German researchers are using a small town as a living lab to test a transportation system where buses come based on real-time demand.
Schorndorf is a small town in the German federal state of Baden-Württemberg, with a population of less than 40,000. For decades, its claim to fame was that it is the birthplace of Gottlieb Daimler, who invented the high-speed gasoline engine, an important element of cars as we know them. Schorndorf might soon be known for another revolution in transportation: a new demand-driven bus system that functions without bus stops. The idea behind this is to encourage residents to make public transport more flexible and encourage residents to use buses instead of driving their cars everywhere.
The German Aerospace Centre (DLR) is currently leading an experiment in which the town serves as a ‘living lab’ to test a better transportation system for the future. The project is a partnership between the city of Schorndorf, DLR, University of Stuttgart’s Center for Interdisciplinary Risk and Innovation Studies (ZIRIUS), Esslingen’s University of Applied Sciences and the Transit and Tariff Association of Stuttgart (VVS). Together, the consortium wishes to develop a digital system that responds to demand in real time, in order to avoid buses that drive empty or, on the other hand, packed buses that need to turn down passengers.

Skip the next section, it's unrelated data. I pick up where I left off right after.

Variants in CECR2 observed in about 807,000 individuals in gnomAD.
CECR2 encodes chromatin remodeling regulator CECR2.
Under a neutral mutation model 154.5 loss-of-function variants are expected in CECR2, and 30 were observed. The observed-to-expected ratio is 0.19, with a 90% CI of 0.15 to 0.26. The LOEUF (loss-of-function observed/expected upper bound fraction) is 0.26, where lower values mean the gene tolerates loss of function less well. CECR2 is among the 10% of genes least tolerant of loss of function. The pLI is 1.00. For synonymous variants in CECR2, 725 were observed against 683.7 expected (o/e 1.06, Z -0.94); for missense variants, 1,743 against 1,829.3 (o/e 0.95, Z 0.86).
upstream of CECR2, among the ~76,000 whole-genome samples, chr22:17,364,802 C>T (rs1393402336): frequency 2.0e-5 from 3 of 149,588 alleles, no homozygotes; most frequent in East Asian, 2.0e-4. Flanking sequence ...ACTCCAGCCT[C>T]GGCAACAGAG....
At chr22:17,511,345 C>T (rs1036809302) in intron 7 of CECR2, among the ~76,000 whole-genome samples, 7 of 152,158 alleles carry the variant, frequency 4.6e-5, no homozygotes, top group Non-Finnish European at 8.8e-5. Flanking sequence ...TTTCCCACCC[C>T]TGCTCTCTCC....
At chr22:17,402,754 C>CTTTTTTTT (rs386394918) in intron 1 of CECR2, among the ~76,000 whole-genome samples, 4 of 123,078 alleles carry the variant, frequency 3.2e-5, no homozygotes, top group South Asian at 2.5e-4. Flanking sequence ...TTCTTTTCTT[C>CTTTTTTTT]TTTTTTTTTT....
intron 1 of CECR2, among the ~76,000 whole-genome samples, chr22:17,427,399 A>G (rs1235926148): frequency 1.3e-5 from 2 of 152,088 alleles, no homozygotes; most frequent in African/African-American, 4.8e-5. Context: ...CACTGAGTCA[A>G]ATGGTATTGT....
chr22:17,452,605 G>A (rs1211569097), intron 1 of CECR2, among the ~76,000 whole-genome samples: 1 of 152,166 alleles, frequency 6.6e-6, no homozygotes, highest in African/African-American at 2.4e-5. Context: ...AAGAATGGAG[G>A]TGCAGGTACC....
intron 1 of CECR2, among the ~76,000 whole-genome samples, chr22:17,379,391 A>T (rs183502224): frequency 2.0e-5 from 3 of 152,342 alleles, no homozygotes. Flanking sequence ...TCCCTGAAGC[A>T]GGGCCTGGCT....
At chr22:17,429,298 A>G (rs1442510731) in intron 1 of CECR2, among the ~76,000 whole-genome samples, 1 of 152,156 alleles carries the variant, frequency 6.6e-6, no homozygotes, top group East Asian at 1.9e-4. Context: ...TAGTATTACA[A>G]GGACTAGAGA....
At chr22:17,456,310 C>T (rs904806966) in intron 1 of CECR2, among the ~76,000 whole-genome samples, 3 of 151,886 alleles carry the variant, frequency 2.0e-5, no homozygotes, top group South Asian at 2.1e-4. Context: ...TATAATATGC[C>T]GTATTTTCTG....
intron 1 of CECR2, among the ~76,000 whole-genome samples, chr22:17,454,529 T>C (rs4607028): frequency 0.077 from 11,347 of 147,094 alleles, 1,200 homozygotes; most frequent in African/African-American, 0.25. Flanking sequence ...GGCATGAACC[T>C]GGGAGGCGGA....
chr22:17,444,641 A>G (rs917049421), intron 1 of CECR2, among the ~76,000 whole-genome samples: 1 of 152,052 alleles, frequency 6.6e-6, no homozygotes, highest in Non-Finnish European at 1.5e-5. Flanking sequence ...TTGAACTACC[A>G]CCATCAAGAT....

Because the new system will work without traditional bus stops, commuters will need other ways to communicate the fact that they want to use a city bus. This will be done via a call centre, which will be in charge of coordinating buses and commuters. Users will have to communicate the fact they want to get on the bus through an app but there will also be the possibility of using a computer or just a normal telephone. The call centre employees will then dispatch buses based on these requests. The ‘living lab’ in Schorndorf will allow the research team to learn by trial and error and to optimise not only the system, but also the technical specifications of the bus.
The research team is currently developing the concept and real life testing will begin in 2018. They consider citizen participation to be an important element of the experiment and they will be collecting their comments, concerns and ideas throughout the whole research project.
The new system could be a game changer if it succeeds in making more people use public transportation. Germany is known for its cars and the Autobahn, and from 2007 to 2010, about 12 per cent of trips were done with public transport. The convenience of calling a bus could change this and help reduce greenhouse gas emissions from cars.